Granny flat rule changes: The gritty detail, explained

The government’s plan to liberalise granny flat rules will significantly save people time and money, a senior lecturer at the University of Auckland says.

Bill McKay, from the university’s School of Architecture and Planning, has gone through the “nitty gritty” of the government’s proposal and all in all, believes it is a good idea.

The proposal is also supported by the opposition, and would see people able to build small dwellings on their property without needing resource consent to do so.

But what exactly is being proposed, and how easy will it actually be to build a self-contained dwelling in the backyard?

McKay told Nine to Noon the government was seeking feedback and people could give it through the Ministry for Business and Employment’s website until August.

A discussion document released by the government had “quite a bit” of information about how it would change legislation to allow this to happen.

Can be 60sqm in size

McKay said the granny flats could be up to 60 square metres in size.

It was “plenty of space” and “quite significant”.

According to Stats NZ, the median floor size of a new home consented in 2022 was 126sqm – so the dwelling could be just under half of that.

McKay said the dwelling could only be one-storey high and had to be detached from the main house.

There was nothing in the proposal saying how many bedrooms the dwelling could have, with McKay saying a dwelling of that size could easily have two along with living, kitchen, dining and a bathroom.

The dwellings could be build without consent – as long as they met a certain criteria.

What’s the criteria?

McKay said people would need to notify their local council that they were planning to build such a dwelling – and they would need to get some information.

This included areas on the property that were prone to flooding.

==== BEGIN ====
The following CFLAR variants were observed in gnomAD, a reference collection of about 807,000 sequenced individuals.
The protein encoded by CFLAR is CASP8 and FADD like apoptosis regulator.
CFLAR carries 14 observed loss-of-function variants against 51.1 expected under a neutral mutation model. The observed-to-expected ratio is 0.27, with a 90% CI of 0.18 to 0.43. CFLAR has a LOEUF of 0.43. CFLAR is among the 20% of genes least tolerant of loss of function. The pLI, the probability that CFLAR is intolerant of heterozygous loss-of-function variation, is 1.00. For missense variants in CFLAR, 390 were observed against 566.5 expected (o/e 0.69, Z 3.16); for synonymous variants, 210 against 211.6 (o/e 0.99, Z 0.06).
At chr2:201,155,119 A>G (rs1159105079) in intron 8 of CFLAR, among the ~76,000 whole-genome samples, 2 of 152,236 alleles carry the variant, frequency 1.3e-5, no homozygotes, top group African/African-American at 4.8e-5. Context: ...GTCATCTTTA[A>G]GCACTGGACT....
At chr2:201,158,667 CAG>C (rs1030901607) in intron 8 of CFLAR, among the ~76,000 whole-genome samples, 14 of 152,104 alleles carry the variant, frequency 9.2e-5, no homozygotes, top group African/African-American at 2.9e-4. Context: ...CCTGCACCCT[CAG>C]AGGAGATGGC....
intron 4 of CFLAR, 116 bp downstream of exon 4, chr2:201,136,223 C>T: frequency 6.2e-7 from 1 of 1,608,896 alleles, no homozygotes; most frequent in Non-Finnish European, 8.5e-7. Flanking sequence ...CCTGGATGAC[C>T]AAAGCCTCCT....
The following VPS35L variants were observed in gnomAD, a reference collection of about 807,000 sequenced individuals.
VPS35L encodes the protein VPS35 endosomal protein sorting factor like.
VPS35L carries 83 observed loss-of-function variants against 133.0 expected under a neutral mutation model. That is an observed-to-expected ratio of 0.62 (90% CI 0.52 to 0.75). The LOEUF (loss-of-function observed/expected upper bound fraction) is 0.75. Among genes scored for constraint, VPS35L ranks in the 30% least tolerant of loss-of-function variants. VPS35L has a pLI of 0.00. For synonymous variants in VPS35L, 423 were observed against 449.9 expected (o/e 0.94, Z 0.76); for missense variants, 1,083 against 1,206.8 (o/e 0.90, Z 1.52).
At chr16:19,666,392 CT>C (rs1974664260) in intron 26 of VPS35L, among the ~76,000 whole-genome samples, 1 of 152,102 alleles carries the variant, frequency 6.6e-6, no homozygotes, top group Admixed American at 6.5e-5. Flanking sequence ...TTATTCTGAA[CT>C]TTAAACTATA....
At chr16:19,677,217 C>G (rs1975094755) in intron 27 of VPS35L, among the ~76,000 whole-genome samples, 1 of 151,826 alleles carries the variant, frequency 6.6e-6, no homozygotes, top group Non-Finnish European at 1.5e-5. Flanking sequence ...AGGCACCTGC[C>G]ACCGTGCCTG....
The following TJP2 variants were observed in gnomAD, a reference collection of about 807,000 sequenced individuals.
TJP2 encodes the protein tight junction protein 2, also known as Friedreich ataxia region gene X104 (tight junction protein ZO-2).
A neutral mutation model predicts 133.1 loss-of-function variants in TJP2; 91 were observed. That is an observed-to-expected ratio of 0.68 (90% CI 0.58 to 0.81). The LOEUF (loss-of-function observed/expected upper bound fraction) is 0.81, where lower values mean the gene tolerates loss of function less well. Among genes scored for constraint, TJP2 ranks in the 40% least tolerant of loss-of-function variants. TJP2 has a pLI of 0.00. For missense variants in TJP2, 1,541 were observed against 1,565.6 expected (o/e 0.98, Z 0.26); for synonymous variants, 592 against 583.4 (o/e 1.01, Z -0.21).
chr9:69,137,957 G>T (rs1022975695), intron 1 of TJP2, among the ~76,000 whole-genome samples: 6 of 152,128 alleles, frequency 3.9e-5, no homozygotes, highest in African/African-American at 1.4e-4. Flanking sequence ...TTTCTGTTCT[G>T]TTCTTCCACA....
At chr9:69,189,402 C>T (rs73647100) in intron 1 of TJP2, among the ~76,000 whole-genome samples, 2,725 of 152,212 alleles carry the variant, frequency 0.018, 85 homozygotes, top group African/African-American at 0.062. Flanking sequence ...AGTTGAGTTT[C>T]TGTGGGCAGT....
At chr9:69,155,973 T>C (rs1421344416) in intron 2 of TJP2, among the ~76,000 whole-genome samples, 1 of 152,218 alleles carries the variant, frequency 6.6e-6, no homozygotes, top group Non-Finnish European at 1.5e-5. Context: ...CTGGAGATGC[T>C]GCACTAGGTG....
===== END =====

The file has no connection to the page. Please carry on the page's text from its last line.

Once the build was complete, the council would need to be notified and be supplied with some drawings, showing locations of drains, for example.

All dwellings would still need to comply with the Building Code.

How does one ensure this happens?

McKay said there were a couple of options – including a licensed building practitioner building the dwelling or supervising construction.

Dwellings would have to be “well off the ground” to avoid flooding – and plumbing and drainage would need to connect to council infrastructure.

The whole plan was “not as simple as we think” and a lot would still need to go into the planning stage.

Once built – who owns it?

McKay said there needed to be common ownership with the main house.

The area could be subdivided but there would be “hoops” to jump through with doing that.

It was up to existing council policy for whether or not it could be rented or used as an Air BnB, for example.

Overall, McKay said he supported the plan but not everyone will be out on the weekend “knocking these up”.

But it would be faster, cheaper and enable families to look after themselves.

He said he was interested to see how it would work on Māori land – as there was a huge need.

The current proposal only allowed one granny flat per property and it must be near the main house.

On Māori land, McKay said several dwellings of this smaller size – and maybe no main house – were “really needed” as kaumatua housing or starter homes for young people.

According to the news on Radio New Zealand

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